This object is achieved in respect of a method, a expansion card and a computer shown in the independent claims.
It is advantageously made possible to integrate functional units of a PCI expansion card suitable for both a 3.3 V and a 5 V signaling voltage together with a PCI controller in an FPGA, said expansion card being supplied or suppliable with an external voltage independently of a signaling voltage of a computer or basic system. The board area required and the manufacturing costs are reduced. Supporting both the 3.3 V and the 5 V signaling voltage increases the number of usable basic systems.
As a result of the automatic storage of the signaling voltage to be used there is also no need for any user intervention, so that installation of an expansion card is altogether very easy to carry out.
The nonvolatile memory costs are low and the required sequential control can be integrated, for example, in a control unit required for loading the FPGA chip or implemented jointly with other functional units in a PLD chip required anyway, or in another FPGA, ASIC or microcontroller chip.
The invention will now be explained in greater detail on the basis of an exemplary embodiment and with reference to the single FIGURE of the accompanying drawing, in which the FIGURE shows components of a PCI expansion card.
Components of a PCI expansion card 1, which is connected via a suitable connector 2 to a PCI bus 3 of a computer, are an FPGA chip 4, a control unit 5, voltage detection means 6 as well as a configuration data and setting memory 7, 8. The computer usually has a plurality of connectors or a plurality of slots which are interconnected via the PCI bus 3 and are designed to accommodate further expansion cards. In the configuration data memory 7 are stored a first and a second configuration data record Ks1, Ks2, of which in the present example the configuration data record Ks1 is assigned to a 3.3 V signaling voltage and the configuration data record Ks2 to a 5 V signaling voltage. These configuration data records Ks1, Ks2 indicate to the FPGA chip 4 whether a protection circuit 14 (not shown here) of the FPGA chip 4, said circuit comprising protection diodes, is to be activated or deactivated. In the setting memory 8 is stored a data record Ds corresponding to the signaling voltage to be used and which is read out and used to select the corresponding first or second configuration data record Ks1, Ks2 if the computer is switched off and the PCI expansion card 1 is supplied by an external voltage source.
The configuration data memory 7 can be implemented e.g. in the form of a flash EPROM, EEPROM or as battery-backed RAM. For the setting memory 8 the same possibilities exist as well as e.g. the option of implementing it in the form of a battery-backed flip-flop. Self-evidently the configuration data records Ks1, Ks2 and the data record Ds can also be stored in different areas of the same nonvolatile memory.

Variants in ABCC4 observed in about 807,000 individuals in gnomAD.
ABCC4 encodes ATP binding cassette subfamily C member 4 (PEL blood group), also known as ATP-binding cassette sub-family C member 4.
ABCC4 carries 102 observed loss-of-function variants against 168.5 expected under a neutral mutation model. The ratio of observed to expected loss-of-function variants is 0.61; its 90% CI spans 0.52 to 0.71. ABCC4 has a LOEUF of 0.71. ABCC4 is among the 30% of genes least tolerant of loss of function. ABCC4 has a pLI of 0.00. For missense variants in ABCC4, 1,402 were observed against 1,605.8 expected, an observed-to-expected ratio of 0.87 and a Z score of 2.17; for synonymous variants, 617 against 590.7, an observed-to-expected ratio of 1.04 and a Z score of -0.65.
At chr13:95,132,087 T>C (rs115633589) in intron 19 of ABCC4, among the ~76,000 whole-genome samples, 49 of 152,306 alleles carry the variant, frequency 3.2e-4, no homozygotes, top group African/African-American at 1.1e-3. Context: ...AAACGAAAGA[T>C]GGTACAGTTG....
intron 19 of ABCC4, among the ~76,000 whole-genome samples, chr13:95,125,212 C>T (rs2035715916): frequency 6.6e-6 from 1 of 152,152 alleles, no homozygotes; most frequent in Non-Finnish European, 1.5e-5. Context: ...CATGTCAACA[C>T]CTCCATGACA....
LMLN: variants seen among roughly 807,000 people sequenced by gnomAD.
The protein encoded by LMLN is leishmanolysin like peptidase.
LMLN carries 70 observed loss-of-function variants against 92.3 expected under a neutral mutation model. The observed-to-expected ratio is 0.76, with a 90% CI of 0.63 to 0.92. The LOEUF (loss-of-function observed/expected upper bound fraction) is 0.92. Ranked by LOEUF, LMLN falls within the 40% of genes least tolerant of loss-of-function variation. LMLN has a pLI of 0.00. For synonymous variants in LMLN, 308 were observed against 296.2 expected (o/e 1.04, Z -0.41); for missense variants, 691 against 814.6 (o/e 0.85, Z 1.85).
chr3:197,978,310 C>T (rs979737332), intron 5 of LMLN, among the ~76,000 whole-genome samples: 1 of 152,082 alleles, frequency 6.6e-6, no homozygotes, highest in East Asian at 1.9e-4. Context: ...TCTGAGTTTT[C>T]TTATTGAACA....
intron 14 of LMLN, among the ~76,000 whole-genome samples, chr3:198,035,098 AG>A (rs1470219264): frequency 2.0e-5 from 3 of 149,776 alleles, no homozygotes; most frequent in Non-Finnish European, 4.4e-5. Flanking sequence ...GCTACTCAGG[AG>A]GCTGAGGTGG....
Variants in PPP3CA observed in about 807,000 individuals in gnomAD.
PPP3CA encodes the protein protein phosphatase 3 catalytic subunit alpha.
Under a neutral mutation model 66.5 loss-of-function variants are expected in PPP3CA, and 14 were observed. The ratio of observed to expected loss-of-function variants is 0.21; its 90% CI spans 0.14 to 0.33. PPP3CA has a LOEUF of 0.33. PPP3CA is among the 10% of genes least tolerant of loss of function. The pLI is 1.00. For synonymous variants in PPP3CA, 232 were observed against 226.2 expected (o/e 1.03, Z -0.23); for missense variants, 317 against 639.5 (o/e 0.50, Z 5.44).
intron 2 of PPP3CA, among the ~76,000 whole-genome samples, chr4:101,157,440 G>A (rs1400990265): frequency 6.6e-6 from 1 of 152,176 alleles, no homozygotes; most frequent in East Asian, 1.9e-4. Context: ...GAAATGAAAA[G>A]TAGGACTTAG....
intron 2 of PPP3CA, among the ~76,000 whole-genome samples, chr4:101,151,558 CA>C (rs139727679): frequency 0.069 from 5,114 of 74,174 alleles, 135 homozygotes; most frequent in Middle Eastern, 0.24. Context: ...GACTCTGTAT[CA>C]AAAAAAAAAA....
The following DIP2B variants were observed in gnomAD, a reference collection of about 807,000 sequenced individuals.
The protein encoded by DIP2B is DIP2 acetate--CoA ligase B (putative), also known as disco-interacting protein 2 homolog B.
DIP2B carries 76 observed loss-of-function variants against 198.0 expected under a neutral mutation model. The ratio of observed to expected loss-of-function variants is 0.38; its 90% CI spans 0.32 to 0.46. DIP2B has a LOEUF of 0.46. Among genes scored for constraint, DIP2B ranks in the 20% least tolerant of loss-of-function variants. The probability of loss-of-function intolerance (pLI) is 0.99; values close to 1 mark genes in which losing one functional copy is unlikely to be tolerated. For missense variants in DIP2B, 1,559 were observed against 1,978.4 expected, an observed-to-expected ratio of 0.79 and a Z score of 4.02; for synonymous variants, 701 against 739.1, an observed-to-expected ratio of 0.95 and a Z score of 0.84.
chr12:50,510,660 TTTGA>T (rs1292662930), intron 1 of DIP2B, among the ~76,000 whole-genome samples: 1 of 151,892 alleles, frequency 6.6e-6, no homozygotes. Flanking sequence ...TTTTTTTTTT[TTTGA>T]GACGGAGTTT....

It will be assumed that the computer is off and the expansion card is supplied with the required voltage, e.g. with a voltage of 12 V, by an external power supply unit 9. The control unit 5 reads out the data record Ds stored in the setting memory 8 e.g. as part of a factory setting and transmits the corresponding configuration data record Ks1 or Ks2 to the FPGA chip 4 via a configuration link 10. It will be assumed that the data record Ds corresponds to the second configuration data record Ks2 whereby a 5 V signaling voltage is indicated to a PCI controller 11 of the FPGA chip 4 and said controller deactivates the protection circuit 14. This means that the expansion card 1 which has functional units 12 integrated in the FPGA chip 4 and/or other functional units 13 connected to the FPGA chip 4 can be operated without knowledge of the computer's signaling voltage.
It will now be assumed that the computer is switched on during operation of the expansion card 1. This means that the signaling voltage specified by the computer for communication of the computer's functional units via the PCI bus 3 is critical for ensuring error-free data interchange. The voltage detection means 6 detect the signaling voltage at a corresponding pin of the connector 2 and transmit it to the control unit 5 which compares the detected signaling voltage with the voltage corresponding to the data record Ds. If they do not coincide e.g. because the detected signaling voltage of the computer is 3.3 V and—as assumed—the data record Ds specifies a 5 V signaling voltage, the control unit 5 reads the configuration data record Ks1 corresponding to this signaling voltage from the configuration memory 7 and transmits it to the FPGA chip 4, on the basis of which the FPGA chip 4 activates the protection circuit 14. In addition, the detected signaling voltage is stored in the data record Ds in the setting memory 8 and the previous content is therefore overwritten. If the detected signaling voltage differs from the signaling voltage preset by the data record Ds, this causes a single brief functional interruption of the expansion card 1. The content of the data record Ds in the setting memory 8 then corresponds to the signaling voltage of the computer used.
In the event that no discrepancy is detected, switching-on of the computer causes no functional interruption of the expansion card 1. This is the case e.g. if the data record Ds corresponds to a 3.3 V signaling voltage and the detected signaling voltage of the switched-on computer is likewise 3.3 V. In this case the protection circuit 14 of the FPGA chip 4 is already activated, as the configuration data record Ks1 has already been transmitted earlier to the FPGA 4.
If the data record Ds corresponds to a 3.3 V signaling voltage and the detected signaling voltage of the switched-on computer is 5 V, the control unit 5 reads out the configuration data record Ks2 corresponding to this detected signaling voltage and transmits it to the FPGA chip 4, whereupon said FPGA chip 4 deactivates the protection circuit 14. In addition, in this case also the detected signaling voltage is stored in the data record Ds in the setting memory 8, again resulting in a single brief functional interruption.
The protection circuit 14 remains deactivated if the data record Ds corresponds to a 5 V signaling voltage and this is the same as the detected signaling voltage 5 V of the switched-on computer.
|Cooperative Classification||G06F13/4081, G06F1/263, G06F1/266|
|European Classification||G06F13/40E2H, G06F1/26P, G06F1/26B|
|Jul 26, 2007||AS||Assignment|
Owner name: SIEMENS AKTIENGESELLSCHAFT, GERMANY
Free format text: ASSIGNMENT OF ASSIGNORS INTEREST;ASSIGNOR:SOMMER, FRANK-ULRICH;REEL/FRAME:019651/0432
Effective date: 20070216
|Oct 10, 2012||FPAY||Fee payment|
Year of fee payment: 4